You wouldn't believe it...

(Tim, with tongue planted) Nearly every one of my friends is sending me a link to this Wall Street Journal piece announcing the earthshaking news that evangelicals are in love with hip and cool and dude and are trying to make their churches hip and cool and dude, also.

I'm floored. Someone quick call PCA and MNA headquarters so they can get a jump on battening down the hatches.

Comments

Timbo, as I've said to you before, "You was Christian when Christian wasn't cool."

And, you're still Christian when "Christian cool" isn't.

Dude...

Throw a rock in the pigpen and the one that get's hit will "oink."

The end of the article is helpful:

"If the evangelical Christian leadership thinks that "cool Christianity" is a sustainable path forward, they are severely mistaken. As a twentysomething, I can say with confidence that when it comes to church, we don't want cool as much as we want real.
If we are interested in Christianity in any sort of serious way, it is not because it's easy or trendy or popular. It's because Jesus himself is appealing, and what he says rings true. It's because the world we inhabit is utterly phony, ephemeral, narcissistic, image-obsessed and sex-drenched—and we want an alternative. It's not because we want more of the same."

Endlessly trying to make churches 'hip like the culture' is a hopeless enterprise. The Prophet reminds us what we are to seek:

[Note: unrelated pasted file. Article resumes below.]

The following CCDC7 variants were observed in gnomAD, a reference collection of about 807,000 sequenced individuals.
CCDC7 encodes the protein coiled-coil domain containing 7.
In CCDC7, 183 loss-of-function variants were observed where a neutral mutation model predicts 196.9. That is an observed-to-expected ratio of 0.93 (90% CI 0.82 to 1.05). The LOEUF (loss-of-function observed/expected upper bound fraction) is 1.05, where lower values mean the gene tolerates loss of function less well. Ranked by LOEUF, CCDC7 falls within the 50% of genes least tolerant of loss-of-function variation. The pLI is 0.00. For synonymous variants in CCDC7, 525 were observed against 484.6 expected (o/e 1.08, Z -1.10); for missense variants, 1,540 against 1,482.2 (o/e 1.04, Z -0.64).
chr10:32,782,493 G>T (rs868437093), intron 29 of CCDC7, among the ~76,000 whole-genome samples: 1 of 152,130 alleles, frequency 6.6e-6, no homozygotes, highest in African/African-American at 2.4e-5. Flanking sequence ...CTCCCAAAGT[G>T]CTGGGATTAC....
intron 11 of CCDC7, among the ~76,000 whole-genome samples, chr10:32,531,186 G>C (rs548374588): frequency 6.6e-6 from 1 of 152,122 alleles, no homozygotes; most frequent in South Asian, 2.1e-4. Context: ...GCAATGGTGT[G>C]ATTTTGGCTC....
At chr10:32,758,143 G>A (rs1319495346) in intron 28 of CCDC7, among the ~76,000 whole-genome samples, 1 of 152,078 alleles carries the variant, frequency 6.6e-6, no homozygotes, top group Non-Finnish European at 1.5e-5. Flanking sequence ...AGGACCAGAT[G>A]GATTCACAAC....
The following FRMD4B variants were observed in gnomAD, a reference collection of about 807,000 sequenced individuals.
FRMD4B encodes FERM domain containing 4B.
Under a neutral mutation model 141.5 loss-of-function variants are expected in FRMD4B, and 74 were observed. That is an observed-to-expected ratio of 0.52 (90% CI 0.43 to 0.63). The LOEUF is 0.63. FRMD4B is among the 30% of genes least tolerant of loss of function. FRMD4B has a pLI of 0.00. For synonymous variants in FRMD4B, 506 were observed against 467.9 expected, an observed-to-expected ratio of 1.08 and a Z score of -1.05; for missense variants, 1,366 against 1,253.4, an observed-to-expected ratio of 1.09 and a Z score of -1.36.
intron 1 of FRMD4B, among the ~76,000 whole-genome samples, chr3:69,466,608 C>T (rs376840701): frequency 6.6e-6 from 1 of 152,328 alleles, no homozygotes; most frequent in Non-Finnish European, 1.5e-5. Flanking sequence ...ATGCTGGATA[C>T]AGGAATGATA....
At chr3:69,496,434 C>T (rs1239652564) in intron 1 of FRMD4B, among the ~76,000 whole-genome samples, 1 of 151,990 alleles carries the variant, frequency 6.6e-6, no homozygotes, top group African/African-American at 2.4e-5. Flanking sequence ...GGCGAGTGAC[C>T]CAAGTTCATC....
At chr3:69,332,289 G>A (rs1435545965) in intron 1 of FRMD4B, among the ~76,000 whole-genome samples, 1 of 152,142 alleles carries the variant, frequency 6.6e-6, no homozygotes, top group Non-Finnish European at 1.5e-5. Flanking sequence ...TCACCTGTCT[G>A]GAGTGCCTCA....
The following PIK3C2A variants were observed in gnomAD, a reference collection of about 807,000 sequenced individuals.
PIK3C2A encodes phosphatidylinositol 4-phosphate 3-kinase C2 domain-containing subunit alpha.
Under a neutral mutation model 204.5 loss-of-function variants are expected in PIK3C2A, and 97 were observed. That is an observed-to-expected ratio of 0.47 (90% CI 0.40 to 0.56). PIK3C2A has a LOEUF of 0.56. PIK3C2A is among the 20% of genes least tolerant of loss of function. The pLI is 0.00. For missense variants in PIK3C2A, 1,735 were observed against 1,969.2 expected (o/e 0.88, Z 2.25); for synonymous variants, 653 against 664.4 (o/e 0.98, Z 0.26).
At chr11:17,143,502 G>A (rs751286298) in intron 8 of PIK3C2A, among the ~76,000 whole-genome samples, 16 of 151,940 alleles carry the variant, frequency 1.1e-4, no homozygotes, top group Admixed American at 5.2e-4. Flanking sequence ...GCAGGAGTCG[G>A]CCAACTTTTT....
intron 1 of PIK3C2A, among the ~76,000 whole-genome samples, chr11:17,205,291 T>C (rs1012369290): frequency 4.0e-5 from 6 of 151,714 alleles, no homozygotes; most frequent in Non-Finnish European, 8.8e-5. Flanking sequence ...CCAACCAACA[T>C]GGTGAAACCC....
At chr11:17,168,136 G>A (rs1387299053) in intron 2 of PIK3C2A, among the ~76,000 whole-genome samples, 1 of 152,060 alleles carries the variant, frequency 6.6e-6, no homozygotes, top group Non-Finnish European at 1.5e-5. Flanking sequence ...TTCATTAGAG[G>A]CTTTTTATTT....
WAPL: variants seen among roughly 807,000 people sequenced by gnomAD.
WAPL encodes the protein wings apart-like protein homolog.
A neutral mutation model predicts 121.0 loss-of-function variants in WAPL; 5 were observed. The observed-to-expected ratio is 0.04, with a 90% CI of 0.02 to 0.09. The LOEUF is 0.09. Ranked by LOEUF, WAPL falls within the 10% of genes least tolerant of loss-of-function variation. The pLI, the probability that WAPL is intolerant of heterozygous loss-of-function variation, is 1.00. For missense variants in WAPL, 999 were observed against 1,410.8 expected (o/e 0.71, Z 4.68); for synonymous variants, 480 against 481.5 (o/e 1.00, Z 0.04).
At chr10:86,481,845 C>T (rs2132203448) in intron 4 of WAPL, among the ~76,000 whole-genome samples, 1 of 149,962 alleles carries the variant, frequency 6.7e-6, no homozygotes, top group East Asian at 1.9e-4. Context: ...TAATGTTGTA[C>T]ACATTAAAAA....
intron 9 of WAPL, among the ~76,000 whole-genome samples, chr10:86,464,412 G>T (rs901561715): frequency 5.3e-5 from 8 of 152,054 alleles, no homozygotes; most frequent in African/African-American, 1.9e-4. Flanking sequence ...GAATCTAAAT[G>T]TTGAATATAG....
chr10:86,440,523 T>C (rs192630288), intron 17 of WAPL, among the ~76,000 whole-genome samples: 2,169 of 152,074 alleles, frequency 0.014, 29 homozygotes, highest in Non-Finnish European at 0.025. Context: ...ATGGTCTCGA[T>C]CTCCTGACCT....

"Thus says the LORD,
"Stand by the ways and see and ask for the ancient paths,
Where the good way is, and walk in it;
And you will find rest for your souls.
But they said, 'We will not walk in it.' (Jeremiah 6:16)

I liked the article up until its conclusion.

He rightly points out the worldliness of the church in its methodology. However, his explanation of why we want something besides a "phony hip church" is weak.

Because we want something real? Really? Want does that even mean? A very hip church in Cincinnati uses the tag-line a "real church for real people." My rule of thumb is a car salesman that says "I'm going to be honest with you" should never be trusted. I'd apply this to any church or Christian that uses the word "real."

Because Jesus is appealing and his words ring true? Could he have made a more anemic statement?

He grabbed the ball, broke a few tackles, and fumbled a few yards before the endzone.

>>Could he have made a more anemic statement?

MSEDM

Love,

Didn't understand Jeff's comment until I read Kirk's articles.

M. Scott: I'll give you the point about marketing "real" but I reserve the right to use the word when I describe Jesus.

Let's not lose the forest for the trees here. The point is that, while the article says something true, it's yesterday's news being received like it's hot-off-the-press-live-action-coverage.

Andy,

I agree. The word "real" can be rightly applied to Jesus in so many ways. I like the word "missional." I still use it in some contexts. However, red flags automatically go up when I hear it said. It is much the same way with real, organic, simple, equal, and all the other buzzwords that have a very connotative meaning.

MSEDM?

Minimum Standard Energy Demand Model?

Multichannel super-exponential deflation method?

Microsoft Super-experimental Dingdilly Module?

My sister's evanescent deliquescent mop?

Meine Schwesters elektronische Dopplerstoppenvonfloppene Maedchenname?

Acronymously minded folks would love to know!

My Sentiments Exactly, Dude Man?

Ah, Bill; I needed a good laugh. Thank you.

But Andy takes the prize for almost getting it: My Sentiments Exactly Dear Michael.

"Multichannel super-exponential deflation method?"

Which, when translated, means "stomping on your pool floatie with both feet while wearing cross country spikes."

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